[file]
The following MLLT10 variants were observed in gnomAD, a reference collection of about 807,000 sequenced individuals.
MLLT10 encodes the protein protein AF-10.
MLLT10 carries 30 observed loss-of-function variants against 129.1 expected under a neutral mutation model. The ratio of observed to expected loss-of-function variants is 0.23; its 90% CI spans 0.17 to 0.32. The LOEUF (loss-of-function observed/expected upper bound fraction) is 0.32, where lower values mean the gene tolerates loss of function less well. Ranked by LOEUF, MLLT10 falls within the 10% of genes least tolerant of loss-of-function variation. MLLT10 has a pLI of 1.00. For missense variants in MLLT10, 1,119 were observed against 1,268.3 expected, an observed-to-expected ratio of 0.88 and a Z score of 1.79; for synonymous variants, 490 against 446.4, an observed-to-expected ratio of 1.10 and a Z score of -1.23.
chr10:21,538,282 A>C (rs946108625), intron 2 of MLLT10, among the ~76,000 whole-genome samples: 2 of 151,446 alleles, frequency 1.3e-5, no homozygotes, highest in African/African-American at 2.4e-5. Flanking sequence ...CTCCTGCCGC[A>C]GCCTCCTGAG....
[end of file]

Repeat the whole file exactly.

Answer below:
The following MLLT10 variants were observed in gnomAD, a reference collection of about 807,000 sequenced individuals.
MLLT10 encodes the protein protein AF-10.
MLLT10 carries 30 observed loss-of-function variants against 129.1 expected under a neutral mutation model. The ratio of observed to expected loss-of-function variants is 0.23; its 90% CI spans 0.17 to 0.32. The LOEUF (loss-of-function observed/expected upper bound fraction) is 0.32, where lower values mean the gene tolerates loss of function less well. Ranked by LOEUF, MLLT10 falls within the 10% of genes least tolerant of loss-of-function variation. MLLT10 has a pLI of 1.00. For missense variants in MLLT10, 1,119 were observed against 1,268.3 expected, an observed-to-expected ratio of 0.88 and a Z score of 1.79; for synonymous variants, 490 against 446.4, an observed-to-expected ratio of 1.10 and a Z score of -1.23.
chr10:21,538,282 A>C (rs946108625), intron 2 of MLLT10, among the ~76,000 whole-genome samples: 2 of 151,446 alleles, frequency 1.3e-5, no homozygotes, highest in African/African-American at 2.4e-5. Flanking sequence ...CTCCTGCCGC[A>C]GCCTCCTGAG....